Aw... Sleepy kitty!

Now that the history lesson’s over, we can finally get to the new business of Moon Knight.

Just a few days ago, it was announced that famed comic writer Brian Michael Bendis, as well as the terrific penciller Alex Maleev; would be taking the reigns on a new Moon Knight series beginning this May.

While his writing style can often be immature, and his stories don’t always come together all that cleanly, few can argue that Bendis is one of the best dialogue writers in the business, with an ability to capture character’s voices that is nigh unmatched.

Maleev is not slouch either, with a sharp, moody, and wholly dynamic art style, as well as a host of credits on various Avengers comics and an extended run on Bendis’ critically acclaimed Daredevil series.

 

Yeah, I'd say Mr. Maleev knows what he's doing...

From what I’ve read, the premise that the team is working from, is one that once again plays off of Moon Knight’s multiple personality disorder.

Taking into account Moon Knight’s current status as a Secret Avengers member, Bendis plans on having the character’s personality issues manifest in the form of taking on the behavior and personalities of his teammates.

In essence, the idea is that Moon Knight’s inherent insanity and unpredictably will be turned up to 11 in this series, with him assuming the characteristics of heroes like Wolverine, Spider-Man, and presumably Captain America based on the promotional image at the beginning of this article.

While this sounds a little tongue-in-cheek for my tastes, I can’t deny that the idea of a man running around thinking he’s indestructible, or thinking that he comes from the mythical kingdom of Asgard; will probably make for a fun read.

Assigning Bendis to write a Moon Knight series will grant the character unparalleled exposure and presence among casual comic book fans, a luxury that few D-list heroes ever get to experience, regardless of the breadth of publishing history they may possess.

Given the character’s questionable track record thus far, I don’t doubt that the series could indeed flop; however with such big names attached, I’m nothing if not hopeful for it’s success.

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Moon Knight, Thank You For Being So Freakin’ Crazy.

Marvel Comic’s Moon Knight is fucking badass.

Until recently, Moon Knight was always just a niche hero to me, a cheesy Batman clone with a cool costume and D-List villains to go with his D-List superpowers.

Moon Knight's gadgets range from a spermicidal bodysuit, to a portable stripper pole.

By the way, his “powers” consist of augmented strength in synch with the phase of the moon.

Oh yeah, and his “powers” don’t work anymore.

And his fighting technique is described as “hurting peoples fists with his face.”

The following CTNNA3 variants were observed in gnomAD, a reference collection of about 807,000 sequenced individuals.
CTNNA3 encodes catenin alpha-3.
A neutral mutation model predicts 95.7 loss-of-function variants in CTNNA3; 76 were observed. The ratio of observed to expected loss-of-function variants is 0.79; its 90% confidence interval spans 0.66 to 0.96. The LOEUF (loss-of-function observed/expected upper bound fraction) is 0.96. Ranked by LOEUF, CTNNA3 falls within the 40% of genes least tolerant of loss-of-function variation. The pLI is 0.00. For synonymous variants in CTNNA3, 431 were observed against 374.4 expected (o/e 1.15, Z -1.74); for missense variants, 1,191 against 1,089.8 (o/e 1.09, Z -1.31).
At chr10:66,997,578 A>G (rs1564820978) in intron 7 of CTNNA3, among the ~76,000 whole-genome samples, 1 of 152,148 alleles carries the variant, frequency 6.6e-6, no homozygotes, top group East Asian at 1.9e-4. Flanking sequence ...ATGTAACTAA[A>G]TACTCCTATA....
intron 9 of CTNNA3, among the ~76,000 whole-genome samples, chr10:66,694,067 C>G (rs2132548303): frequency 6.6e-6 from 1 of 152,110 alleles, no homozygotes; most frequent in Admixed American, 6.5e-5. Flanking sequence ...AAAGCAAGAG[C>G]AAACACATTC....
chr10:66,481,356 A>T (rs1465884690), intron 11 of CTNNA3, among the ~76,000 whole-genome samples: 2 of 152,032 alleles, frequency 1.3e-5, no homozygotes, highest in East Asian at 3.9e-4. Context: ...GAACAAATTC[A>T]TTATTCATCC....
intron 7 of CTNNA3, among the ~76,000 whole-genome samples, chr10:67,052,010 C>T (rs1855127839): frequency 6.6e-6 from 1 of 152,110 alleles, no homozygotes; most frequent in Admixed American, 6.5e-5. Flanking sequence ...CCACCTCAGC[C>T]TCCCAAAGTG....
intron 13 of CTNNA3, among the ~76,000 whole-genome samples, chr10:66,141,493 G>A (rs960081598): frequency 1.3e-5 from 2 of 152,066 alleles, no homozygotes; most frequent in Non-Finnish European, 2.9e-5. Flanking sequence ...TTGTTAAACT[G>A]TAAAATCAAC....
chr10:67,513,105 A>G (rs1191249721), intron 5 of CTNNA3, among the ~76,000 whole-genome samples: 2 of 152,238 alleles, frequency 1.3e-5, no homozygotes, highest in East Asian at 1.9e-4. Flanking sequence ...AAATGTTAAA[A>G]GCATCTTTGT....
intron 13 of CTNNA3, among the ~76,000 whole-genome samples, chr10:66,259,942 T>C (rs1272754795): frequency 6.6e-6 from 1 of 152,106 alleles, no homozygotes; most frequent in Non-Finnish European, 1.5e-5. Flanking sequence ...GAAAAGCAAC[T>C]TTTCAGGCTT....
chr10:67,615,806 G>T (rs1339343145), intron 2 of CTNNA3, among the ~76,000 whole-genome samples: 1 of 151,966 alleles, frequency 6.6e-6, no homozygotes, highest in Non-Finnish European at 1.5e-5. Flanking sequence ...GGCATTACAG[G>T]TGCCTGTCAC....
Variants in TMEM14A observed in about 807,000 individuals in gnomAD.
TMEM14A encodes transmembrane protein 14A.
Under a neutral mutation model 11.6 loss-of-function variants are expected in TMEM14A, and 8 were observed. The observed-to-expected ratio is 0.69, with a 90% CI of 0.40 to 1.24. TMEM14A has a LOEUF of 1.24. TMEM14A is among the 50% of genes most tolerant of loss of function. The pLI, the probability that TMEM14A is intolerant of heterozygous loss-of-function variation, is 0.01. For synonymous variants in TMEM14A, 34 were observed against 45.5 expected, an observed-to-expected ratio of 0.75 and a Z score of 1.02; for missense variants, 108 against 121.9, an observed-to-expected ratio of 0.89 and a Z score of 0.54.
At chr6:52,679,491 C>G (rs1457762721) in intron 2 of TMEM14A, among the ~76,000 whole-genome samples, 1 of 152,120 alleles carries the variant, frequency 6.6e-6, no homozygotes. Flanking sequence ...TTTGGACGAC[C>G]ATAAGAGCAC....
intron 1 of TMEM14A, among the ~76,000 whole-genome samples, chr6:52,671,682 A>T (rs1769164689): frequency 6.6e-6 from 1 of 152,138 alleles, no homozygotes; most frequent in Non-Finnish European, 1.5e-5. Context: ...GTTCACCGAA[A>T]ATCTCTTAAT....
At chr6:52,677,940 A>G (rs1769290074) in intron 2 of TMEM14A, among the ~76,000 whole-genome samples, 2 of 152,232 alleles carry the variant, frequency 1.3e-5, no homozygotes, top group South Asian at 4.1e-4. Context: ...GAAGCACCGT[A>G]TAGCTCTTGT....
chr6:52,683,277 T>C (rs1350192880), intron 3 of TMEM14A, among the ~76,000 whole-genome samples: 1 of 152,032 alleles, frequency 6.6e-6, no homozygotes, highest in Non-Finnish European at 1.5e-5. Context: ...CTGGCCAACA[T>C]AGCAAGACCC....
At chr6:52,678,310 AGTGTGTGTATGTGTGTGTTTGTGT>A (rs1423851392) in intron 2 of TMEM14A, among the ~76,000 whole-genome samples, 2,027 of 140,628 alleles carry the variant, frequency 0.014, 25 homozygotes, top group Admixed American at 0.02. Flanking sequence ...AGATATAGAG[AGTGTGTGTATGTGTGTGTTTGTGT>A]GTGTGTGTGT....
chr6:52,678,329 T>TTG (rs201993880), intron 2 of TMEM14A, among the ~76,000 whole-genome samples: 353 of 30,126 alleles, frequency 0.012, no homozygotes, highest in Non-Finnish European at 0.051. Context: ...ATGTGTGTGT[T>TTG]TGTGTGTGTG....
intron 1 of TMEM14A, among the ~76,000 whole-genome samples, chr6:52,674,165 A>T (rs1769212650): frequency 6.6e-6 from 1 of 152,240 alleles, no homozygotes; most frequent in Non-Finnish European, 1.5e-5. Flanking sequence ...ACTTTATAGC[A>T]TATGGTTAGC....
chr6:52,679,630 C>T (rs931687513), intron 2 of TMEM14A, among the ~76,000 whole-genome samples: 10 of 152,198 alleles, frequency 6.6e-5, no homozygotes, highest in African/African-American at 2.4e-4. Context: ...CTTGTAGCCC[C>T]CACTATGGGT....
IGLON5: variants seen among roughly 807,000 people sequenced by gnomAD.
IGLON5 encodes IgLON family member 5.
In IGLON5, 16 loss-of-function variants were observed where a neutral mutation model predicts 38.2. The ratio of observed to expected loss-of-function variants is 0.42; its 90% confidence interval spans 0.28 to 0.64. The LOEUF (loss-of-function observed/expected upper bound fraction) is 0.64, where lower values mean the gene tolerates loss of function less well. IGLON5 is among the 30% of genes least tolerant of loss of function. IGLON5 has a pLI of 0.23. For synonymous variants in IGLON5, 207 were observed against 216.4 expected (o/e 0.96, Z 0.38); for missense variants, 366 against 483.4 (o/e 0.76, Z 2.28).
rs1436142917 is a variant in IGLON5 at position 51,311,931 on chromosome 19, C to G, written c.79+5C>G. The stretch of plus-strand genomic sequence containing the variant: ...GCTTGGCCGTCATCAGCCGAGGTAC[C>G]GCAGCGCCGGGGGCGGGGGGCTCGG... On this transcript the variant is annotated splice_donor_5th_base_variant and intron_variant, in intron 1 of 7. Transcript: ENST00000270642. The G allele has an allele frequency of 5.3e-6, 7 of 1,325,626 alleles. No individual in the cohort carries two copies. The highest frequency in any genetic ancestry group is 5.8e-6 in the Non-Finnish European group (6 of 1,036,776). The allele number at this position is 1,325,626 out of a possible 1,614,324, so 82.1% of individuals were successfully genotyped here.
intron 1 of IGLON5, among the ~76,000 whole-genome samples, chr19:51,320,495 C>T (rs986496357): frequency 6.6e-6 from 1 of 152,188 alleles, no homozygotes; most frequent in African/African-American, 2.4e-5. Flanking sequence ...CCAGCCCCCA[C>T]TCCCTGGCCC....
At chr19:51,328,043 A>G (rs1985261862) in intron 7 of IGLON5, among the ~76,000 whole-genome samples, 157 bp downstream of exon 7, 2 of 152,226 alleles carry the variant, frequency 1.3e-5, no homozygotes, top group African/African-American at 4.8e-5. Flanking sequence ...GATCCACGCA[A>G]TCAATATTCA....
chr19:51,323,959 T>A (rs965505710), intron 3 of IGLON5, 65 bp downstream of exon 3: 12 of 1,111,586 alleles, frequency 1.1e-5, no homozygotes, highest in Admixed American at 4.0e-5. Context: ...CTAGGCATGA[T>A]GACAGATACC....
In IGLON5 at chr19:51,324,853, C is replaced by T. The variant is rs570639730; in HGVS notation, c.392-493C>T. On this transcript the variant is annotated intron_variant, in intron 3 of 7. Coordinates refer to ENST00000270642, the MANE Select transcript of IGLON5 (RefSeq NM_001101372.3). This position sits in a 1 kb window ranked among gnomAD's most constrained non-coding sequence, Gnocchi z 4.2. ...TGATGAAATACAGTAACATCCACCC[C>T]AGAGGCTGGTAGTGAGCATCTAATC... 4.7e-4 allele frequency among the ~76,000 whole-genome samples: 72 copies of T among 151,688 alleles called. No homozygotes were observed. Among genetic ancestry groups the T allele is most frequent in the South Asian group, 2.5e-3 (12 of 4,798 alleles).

Kind of like these guys.

So why is it that I like Moon Knight anyway?

About a month ago, I read my first Moon Knight story, and I’m kicking myself for having waited so long to do so.

It wasn’t until November 2009, when I saw Jerome Opena’s incredible interior artwork in the current “Vengeance of the Moon Knight” series, that I made the conscious decision to find a nice jumping off point to start reading Moon Knight.

Yeah, it's cheesy, but goddamn I love it!

Hell, I figured that, if the art was that good, Moon Knight had to be doing something right over the years.

My first Moon Knight story came in the form of the Charlie Huston’s 2006 relaunch of the series, “The Bottom.”

“The Bottom” was a violent and gritty character study of Marc Spector AKA Moon Knight.

Marc Spector: The Avenging Hobo.

Let it be known, that when it comes to “violent” and “gritty,” David Finch’s artwork is a perfect match.

Oh yeah, make sure to add “stylish” to that pile of adjectives too, ’cause yeah, Mr. Finch does stylish, and he does it well.

Even when he’s drawing stuff for that pile of ass-fuckery, X-Men: Messiah Complex.

Pictured: Messiah Complex.

Seriously, fuck Messiah Complex.

Fuck it with fire.

And rhinoceros cock.

And a dental dam.

Hmm, sexual....

ANYWAY, “The Bottom” begins with Spector crippled and dispirited due to horrible injuries inflicted on him by his lifelong nemesis, The Bushman.

You see!? THIS is what happens when you give cocaine to Joe Pesci!

The Bushman and Spector were originally partners in crime in a mercenary unit during the Gulf War, (in the original, 1970’s version, they were in Southeast Asia) however due to moral differences, they’ve been at each others throats ever since.

In any case, Bushman throws Moon Knight off a roof, shattering his legs in the process.

No way in hell this guy didn't get paid to take this photo. Douche-Rocket...

Despite this, Moon Knight manages to stay in the fight long enough to, literally, cut Bushman’s face off.

"I want to cut his faaaaaace... Off."

Did I mention that Moon Knight was badass?

It was moments like this that cemented my love and appreciation for Moon Knight.

That and the fact that Moon Knight is perhaps the only “superhero” I’ve ever read, that was completely bat-shit crazy.

I mean, check out his bio: